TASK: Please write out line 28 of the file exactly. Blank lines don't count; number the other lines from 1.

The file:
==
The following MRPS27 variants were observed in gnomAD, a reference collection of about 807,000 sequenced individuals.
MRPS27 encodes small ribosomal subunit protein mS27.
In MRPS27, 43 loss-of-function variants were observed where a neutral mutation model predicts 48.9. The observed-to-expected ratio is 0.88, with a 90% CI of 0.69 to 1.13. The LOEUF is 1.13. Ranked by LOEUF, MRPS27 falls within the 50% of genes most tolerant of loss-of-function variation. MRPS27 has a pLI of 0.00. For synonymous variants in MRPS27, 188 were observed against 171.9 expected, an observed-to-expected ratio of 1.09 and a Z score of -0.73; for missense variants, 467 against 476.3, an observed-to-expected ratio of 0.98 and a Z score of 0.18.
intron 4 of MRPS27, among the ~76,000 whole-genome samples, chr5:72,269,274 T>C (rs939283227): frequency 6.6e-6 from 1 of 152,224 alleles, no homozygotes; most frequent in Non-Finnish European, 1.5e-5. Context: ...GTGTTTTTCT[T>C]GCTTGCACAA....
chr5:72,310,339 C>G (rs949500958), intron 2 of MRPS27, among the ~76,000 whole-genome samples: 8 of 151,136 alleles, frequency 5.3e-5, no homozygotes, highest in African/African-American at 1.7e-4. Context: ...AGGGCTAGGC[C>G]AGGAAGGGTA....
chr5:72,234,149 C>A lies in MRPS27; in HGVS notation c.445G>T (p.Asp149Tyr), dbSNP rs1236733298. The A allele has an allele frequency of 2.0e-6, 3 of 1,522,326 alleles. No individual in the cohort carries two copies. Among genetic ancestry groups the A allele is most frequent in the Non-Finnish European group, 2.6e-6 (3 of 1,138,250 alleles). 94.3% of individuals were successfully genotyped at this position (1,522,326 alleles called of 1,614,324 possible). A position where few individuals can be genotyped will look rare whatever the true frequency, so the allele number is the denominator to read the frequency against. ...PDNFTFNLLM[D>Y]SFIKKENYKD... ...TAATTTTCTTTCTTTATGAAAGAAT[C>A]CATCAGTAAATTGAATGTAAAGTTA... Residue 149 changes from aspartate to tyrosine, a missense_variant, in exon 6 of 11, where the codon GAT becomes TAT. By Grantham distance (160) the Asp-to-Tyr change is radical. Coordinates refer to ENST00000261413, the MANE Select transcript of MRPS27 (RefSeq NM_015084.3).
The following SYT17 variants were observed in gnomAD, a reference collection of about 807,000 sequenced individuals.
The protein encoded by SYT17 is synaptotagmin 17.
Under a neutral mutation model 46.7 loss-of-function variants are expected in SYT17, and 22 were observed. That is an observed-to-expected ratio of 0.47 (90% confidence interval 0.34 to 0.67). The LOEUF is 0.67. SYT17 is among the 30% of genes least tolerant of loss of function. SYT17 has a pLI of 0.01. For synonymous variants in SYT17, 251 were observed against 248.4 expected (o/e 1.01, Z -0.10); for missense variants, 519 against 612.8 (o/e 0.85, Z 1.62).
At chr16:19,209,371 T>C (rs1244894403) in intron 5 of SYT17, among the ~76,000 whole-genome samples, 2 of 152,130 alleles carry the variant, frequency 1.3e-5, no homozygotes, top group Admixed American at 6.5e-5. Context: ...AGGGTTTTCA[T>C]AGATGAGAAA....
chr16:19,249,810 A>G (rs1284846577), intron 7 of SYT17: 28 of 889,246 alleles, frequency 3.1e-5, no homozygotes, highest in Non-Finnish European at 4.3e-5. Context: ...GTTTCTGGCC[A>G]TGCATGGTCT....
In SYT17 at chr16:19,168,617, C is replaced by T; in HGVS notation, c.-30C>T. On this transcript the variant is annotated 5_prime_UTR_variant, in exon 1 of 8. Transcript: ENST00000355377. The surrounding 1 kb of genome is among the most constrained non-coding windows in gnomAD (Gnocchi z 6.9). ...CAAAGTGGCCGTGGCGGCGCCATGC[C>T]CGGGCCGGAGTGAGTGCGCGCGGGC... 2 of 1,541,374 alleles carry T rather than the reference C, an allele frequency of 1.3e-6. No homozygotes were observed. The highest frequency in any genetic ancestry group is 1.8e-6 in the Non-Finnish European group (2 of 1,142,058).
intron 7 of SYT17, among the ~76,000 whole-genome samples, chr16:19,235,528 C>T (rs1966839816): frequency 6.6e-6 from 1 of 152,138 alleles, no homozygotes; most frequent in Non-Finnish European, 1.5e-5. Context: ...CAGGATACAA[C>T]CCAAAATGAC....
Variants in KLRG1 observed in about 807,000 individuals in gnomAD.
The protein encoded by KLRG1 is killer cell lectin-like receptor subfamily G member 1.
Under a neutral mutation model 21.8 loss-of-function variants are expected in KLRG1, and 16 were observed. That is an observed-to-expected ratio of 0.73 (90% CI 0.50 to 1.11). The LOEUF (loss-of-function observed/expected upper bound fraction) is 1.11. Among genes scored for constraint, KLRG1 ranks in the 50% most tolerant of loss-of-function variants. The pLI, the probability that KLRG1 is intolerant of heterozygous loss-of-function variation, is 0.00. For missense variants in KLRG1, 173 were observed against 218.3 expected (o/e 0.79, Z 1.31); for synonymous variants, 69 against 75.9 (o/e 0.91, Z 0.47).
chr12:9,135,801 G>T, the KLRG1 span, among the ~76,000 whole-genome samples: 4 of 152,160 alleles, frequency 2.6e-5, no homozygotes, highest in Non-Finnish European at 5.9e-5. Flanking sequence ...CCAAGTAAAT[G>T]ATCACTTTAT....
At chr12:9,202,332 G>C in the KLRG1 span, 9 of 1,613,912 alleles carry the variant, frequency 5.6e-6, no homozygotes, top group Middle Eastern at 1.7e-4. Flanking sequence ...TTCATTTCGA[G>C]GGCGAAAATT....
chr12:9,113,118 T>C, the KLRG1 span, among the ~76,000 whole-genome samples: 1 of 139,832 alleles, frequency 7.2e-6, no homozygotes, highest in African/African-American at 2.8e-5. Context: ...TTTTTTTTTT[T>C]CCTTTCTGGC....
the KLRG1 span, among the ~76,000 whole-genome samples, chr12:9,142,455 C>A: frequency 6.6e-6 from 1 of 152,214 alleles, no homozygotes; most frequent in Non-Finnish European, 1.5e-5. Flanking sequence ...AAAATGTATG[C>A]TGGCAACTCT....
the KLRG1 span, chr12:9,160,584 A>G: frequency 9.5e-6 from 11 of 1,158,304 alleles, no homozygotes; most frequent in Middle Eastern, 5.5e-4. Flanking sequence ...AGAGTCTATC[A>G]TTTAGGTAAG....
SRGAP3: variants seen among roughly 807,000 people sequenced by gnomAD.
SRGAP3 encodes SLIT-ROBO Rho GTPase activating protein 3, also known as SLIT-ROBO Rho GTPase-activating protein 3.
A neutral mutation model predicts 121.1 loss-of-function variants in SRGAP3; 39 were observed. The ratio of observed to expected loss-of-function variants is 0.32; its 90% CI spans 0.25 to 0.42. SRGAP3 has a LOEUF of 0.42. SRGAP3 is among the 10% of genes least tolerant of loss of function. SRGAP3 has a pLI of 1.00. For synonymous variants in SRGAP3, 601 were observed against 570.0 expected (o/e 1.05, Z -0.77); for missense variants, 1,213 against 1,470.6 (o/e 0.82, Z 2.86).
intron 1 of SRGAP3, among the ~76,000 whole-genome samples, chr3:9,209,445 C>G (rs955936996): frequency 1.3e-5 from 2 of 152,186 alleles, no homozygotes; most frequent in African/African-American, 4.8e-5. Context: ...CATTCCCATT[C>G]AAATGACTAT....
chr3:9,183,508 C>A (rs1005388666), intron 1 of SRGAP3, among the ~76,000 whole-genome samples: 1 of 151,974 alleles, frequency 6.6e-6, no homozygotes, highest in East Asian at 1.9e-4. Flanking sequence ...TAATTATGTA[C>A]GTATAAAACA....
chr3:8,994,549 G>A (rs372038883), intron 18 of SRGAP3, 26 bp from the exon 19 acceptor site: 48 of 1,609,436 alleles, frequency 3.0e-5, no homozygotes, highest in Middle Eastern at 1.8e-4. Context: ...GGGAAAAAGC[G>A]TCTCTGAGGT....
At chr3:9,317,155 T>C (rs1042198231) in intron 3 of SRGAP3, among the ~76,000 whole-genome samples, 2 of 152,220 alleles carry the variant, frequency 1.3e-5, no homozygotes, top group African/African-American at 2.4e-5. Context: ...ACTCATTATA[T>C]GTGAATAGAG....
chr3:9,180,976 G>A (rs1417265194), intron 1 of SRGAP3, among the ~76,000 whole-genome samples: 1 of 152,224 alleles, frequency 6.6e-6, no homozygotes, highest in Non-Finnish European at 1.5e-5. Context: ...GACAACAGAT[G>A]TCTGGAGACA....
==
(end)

At chr3:9,317,155 T>C (rs1042198231) in intron 3 of SRGAP3, among the ~76,000 whole-genome samples, 2 of 152,220 alleles carry the variant, frequency 1.3e-5, no homozygotes, top group African/African-American at 2.4e-5. Context: ...ACTCATTATA[T>C]GTGAATAGAG....